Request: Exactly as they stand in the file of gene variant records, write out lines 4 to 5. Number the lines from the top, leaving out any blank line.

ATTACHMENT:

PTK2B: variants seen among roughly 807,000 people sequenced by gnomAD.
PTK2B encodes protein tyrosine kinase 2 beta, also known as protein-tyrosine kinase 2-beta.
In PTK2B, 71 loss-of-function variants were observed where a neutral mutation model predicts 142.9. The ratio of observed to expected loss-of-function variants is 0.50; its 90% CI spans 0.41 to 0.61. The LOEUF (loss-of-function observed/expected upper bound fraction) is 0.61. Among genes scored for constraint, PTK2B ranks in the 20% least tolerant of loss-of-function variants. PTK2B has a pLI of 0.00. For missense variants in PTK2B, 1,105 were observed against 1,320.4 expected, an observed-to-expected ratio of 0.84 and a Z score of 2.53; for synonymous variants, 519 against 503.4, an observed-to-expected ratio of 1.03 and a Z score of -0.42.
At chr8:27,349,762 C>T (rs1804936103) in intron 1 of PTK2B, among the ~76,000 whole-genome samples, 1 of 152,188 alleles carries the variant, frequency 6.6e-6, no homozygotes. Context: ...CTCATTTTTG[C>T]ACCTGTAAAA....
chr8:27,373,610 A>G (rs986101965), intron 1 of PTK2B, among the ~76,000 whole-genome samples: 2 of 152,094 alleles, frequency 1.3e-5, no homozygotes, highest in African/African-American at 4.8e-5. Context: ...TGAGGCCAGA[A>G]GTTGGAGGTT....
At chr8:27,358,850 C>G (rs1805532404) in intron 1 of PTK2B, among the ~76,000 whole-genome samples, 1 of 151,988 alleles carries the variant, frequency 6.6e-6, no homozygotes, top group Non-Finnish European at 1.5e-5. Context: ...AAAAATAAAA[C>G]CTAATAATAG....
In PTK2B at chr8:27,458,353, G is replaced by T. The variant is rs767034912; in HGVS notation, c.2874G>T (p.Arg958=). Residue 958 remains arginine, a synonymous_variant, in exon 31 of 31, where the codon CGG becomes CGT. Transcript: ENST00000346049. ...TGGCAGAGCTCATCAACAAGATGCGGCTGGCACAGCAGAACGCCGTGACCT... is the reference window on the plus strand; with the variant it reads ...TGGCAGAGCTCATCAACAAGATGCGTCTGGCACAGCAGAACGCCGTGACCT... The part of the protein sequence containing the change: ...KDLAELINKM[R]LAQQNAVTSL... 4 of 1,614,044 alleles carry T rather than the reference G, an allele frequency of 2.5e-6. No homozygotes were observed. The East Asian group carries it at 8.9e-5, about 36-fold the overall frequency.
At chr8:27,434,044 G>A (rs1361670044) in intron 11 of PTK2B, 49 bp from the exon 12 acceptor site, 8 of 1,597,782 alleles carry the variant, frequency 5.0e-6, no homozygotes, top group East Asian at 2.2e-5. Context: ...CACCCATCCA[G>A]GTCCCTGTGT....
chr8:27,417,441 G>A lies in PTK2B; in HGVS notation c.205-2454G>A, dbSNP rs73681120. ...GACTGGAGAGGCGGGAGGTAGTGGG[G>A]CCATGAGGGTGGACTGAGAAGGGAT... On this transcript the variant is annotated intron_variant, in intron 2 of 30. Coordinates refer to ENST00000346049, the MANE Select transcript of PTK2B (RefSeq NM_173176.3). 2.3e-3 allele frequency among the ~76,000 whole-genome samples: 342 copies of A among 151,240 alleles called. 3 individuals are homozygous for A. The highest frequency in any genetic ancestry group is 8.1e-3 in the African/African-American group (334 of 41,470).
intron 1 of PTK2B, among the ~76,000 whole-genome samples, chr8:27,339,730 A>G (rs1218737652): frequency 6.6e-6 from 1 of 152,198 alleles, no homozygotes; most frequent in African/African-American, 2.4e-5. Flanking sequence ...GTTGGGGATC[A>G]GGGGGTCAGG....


At chr8:27,349,762 C>T (rs1804936103) in intron 1 of PTK2B, among the ~76,000 whole-genome samples, 1 of 152,188 alleles carries the variant, frequency 6.6e-6, no homozygotes. Context: ...CTCATTTTTG[C>T]ACCTGTAAAA....
chr8:27,373,610 A>G (rs986101965), intron 1 of PTK2B, among the ~76,000 whole-genome samples: 2 of 152,094 alleles, frequency 1.3e-5, no homozygotes, highest in African/African-American at 4.8e-5. Context: ...TGAGGCCAGA[A>G]GTTGGAGGTT....